The area will get a third take on Latino food when Chela’s opens around the corner on Maple in June or July. It’s owned by Mexico City-born Adrian Iraola and his wife, Lori.

Iraola is best known as the project manager and main flak-catcher for the Downtown Development Authority’s biggest and most controversial project ever–the underground parking lot next to the Ann Arbor District Library. But according to Lori, he also loves simple pleasures, like Mexican street food, and has always wanted to own a restaurant. They will be opening not one but two Chela’s this summer, the other one at Stone Plaza (see below). Lori says the taquerias will emphasize fresh local ingredients.

“I’ve known Adrian for a long time,” Nolasco-Rivers says. “I really applaud what he’s doing and welcome him to the neighborhood.” Naghmouchi seems a little less enthusiastic about the coming competition, or perhaps he’s just reliving those twenty-five inspections. “Good luck to him. That’s all I can say.”

Tienda La Libertad/Taco King, 2231 W. Liberty, 585-5796. Daily 9 a.m.-10 p.m.

Stone Soup

If it’s Thursday and you’re eating pad thai, there’s a good chance that you live or work near Stone School and Ellsworth. At Bangkok Cuisine Express, the line often goes out the door for the popular $5 all-day special. “It’s scary,” says Desy Ariastini, who works there. “I don’t know when I’ll get a break. You will not get pad thai anywhere else around here for $5. People come in and say ‘I’ll take seven orders,’ so they can bring it back to everyone in the office. Sometimes we have to turn people away.”

A popular weekly special at a restaurant isn’t necessarily news, except that it’s happening at Stone Plaza, a little strip mall on the corner of Ellsworth and Stone School. Owned by the Issa family (see p. 29), the plaza is securely anchored on one end by the Mediterranean Market and a branch of the Issas’ own Ahmo’s Deli. Holding up the center of the mall is Elite Cleaners, Ann Arbor’s only “wet cleaner”–a green sustainable alternative to dry cleaning, popular in Europe.

But the other storefronts have mostly been a revolving door of businesses that didn’t catch on. Now three adjacent new businesses may be turning things around.

Bangkok Cuisine Express, part of a small Detroit-area chain, opened a year ago. It seemed to languish, then seemed to close. But owner Sandy Arpachkinda had just pulled back briefly while she brought up the heavy artillery: she gave the restaurant to her son Dexy (who also owns some restaurants in the Detroit area), and he took on a partner, sushi chef Kadek Widiarta–who is also Desy Ariastini’s husband.

They cleaned, painted, and reopened with a streamlined Thai menu plus sushi. Mindful of sustainability issues as well as the difficulties inherent in offering fresh raw fish at a non-urban location, Widiarta limits his raw sushi to salmon, yellowtail, and escolar. He’s also just added one of his very favorite desserts, which he learned to make while at Troy’s Cafe Sushi: deep-fried cheesecake served with red bean ice cream. With the $5 pad thai as its calling card, Bangkok Cuisine Express is back on its feet.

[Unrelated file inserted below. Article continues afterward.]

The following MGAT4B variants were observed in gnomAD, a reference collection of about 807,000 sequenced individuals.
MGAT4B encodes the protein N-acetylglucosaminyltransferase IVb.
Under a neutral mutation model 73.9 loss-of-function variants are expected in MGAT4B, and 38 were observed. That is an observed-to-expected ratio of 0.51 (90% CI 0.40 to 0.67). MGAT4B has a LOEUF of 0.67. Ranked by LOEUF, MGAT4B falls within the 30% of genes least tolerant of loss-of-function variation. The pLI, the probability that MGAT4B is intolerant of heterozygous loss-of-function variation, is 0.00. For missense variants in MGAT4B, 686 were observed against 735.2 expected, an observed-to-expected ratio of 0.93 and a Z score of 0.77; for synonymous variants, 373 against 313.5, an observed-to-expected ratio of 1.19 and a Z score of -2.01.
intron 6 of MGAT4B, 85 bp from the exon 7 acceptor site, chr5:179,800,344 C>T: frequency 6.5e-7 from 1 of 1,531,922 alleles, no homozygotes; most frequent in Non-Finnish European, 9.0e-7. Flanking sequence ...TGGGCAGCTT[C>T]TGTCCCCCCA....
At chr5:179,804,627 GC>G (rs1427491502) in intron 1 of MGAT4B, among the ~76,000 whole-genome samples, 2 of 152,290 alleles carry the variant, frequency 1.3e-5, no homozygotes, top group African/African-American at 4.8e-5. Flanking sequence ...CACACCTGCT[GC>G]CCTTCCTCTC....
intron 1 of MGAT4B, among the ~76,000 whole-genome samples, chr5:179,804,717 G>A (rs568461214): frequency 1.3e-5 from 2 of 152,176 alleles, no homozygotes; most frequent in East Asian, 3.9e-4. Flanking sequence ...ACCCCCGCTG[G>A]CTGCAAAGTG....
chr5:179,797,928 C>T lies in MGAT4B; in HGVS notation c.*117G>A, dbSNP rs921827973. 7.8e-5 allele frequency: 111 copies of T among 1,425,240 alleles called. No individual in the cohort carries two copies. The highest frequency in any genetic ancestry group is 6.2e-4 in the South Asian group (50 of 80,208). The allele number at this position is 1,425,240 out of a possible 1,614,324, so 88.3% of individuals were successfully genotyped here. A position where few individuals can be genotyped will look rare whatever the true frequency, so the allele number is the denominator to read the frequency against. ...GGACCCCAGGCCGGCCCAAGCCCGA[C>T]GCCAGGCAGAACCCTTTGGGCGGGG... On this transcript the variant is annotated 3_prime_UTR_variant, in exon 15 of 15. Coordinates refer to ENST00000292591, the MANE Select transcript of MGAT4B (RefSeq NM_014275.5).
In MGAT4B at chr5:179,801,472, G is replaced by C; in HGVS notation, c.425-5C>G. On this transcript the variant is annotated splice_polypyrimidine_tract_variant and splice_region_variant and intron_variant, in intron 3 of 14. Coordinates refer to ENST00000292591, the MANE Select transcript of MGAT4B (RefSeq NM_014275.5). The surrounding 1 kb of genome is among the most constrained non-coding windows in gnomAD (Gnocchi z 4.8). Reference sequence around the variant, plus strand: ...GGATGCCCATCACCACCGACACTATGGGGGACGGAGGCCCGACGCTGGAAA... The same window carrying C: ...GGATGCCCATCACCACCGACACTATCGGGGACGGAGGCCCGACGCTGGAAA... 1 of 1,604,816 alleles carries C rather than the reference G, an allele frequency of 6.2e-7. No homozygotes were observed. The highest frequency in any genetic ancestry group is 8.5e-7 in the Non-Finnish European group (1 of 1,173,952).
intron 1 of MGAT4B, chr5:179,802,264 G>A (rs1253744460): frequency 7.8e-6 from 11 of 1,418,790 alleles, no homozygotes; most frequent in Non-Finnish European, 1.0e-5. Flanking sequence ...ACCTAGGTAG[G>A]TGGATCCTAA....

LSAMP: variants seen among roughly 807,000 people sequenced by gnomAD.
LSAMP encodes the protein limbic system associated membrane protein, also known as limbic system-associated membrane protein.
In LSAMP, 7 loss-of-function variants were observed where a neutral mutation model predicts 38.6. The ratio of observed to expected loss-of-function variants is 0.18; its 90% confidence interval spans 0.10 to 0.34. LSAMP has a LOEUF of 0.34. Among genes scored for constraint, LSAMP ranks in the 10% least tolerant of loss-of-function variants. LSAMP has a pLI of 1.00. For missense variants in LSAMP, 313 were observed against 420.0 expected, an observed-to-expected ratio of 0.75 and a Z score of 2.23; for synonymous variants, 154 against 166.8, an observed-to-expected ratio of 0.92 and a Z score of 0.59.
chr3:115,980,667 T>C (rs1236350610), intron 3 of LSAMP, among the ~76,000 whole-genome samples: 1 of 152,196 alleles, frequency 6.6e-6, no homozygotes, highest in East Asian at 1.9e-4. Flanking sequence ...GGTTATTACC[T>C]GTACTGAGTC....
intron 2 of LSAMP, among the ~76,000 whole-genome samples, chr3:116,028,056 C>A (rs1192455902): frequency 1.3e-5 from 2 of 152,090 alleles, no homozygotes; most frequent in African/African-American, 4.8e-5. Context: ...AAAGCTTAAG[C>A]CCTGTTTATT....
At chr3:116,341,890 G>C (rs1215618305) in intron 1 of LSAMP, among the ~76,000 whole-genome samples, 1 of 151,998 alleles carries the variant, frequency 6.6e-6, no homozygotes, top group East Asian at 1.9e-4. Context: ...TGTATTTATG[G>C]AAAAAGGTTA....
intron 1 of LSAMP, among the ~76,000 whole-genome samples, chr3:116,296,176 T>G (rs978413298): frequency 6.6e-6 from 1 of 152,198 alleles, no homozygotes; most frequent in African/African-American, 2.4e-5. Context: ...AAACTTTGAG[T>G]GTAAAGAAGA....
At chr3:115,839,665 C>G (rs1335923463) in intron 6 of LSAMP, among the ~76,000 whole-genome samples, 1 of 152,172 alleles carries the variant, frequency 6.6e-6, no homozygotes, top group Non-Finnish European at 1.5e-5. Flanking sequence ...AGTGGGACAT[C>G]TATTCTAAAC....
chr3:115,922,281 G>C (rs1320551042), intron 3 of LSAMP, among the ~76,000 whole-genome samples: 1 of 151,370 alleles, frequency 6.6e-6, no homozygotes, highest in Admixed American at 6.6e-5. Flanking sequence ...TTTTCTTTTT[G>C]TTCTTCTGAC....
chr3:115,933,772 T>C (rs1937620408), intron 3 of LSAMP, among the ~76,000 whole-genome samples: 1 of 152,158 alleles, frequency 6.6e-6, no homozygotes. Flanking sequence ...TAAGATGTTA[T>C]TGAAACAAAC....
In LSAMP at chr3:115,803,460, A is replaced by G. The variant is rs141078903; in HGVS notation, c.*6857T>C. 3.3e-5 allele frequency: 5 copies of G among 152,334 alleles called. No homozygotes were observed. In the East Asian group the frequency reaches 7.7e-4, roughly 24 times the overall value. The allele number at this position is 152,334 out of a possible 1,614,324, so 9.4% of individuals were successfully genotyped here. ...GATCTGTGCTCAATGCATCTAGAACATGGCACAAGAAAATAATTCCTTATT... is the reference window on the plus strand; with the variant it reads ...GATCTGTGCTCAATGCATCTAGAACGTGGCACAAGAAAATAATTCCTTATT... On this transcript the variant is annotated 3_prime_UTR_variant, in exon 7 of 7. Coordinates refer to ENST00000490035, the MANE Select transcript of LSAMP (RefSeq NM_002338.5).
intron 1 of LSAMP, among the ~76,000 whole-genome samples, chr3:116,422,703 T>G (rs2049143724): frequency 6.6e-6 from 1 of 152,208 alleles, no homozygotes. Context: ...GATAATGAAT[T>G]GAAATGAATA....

Next door, the Grow Show just doubled its size for the second time (it opened in 2009 in a tiny spot in the center of the mall), when it knocked down a wall and took over what used to be MisSaigon. Owner Alex Lemerand specializes in indoor and hydroponic gardening but says he’s “a full-service horticultural center, with everything you need for indoor and outdoor gardening.”

At the moment he’s pushing compost tea, an organic fertilizer brewed from compost and sugars. “We have special molasses for compost teas, to make the enzymes and microbes explode in there. Right now we have a sixty-gallon tea brewer on the way to the store. We’ll be brewing and giving away a thousand gallons of tea for free. We’ll be tapping off gallons and saying, ‘Here! Go home and pour this on your plants!'”

Next to the Grow Show, the former Piatto di Pasta (see Closings) will be the second location of Chela’s (see above). Look for this one to open around the same time, though possibly a few weeks later than the Maple Rd. Chela’s. Out of respect for the center’s Muslim customers, says Lori Iraola, this branch won’t be serving pork.

Bangkok Cuisine Express, 4119 Stone School Rd., 975-0277. Mon.-Fri. 11 a.m.-9 p.m., Sat. 3-9 p.m., closed Sun. Sushi hours Mon.-Fri. 11 a.m.-2 p.m., 5-9 p.m., closed Sat.

The Grow Show, 4095 Stone School Rd., 677-0009. Mon.-Fri. 10 a.m.-7 p.m., Sat. & Sun. noon-5.